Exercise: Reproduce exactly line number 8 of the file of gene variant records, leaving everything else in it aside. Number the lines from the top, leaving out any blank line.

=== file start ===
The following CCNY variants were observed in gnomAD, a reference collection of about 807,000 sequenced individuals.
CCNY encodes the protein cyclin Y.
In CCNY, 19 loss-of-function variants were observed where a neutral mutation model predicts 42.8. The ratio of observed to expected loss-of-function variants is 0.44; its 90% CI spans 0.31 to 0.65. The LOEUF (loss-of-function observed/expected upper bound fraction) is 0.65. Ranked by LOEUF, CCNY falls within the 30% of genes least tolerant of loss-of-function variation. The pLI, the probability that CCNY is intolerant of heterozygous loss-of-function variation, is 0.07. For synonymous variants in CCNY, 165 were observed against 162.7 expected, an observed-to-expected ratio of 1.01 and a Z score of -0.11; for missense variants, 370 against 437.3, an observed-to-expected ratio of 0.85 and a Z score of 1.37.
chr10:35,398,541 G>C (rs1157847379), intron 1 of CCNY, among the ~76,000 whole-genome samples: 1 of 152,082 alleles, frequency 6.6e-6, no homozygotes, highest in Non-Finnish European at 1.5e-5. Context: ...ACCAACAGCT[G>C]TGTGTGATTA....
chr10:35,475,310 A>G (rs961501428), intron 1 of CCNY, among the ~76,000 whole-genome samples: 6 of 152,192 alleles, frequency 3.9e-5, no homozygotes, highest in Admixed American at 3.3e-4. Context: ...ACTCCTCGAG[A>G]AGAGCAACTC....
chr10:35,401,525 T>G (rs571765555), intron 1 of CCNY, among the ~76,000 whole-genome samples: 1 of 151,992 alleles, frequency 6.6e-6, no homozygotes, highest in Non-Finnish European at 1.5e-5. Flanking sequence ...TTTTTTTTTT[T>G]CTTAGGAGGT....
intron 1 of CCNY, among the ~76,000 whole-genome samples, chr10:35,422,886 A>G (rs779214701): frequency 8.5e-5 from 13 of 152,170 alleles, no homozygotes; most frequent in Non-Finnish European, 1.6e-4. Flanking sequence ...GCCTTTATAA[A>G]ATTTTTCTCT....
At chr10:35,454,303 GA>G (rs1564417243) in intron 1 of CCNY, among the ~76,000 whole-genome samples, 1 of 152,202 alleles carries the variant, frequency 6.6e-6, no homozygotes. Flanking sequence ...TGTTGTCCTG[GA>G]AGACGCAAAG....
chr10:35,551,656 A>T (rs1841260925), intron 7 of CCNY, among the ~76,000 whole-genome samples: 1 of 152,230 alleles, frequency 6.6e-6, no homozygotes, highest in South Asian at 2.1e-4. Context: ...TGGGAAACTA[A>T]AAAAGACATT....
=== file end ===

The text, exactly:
At chr10:35,454,303 GA>G (rs1564417243) in intron 1 of CCNY, among the ~76,000 whole-genome samples, 1 of 152,202 alleles carries the variant, frequency 6.6e-6, no homozygotes. Flanking sequence ...TGTTGTCCTG[GA>G]AGACGCAAAG....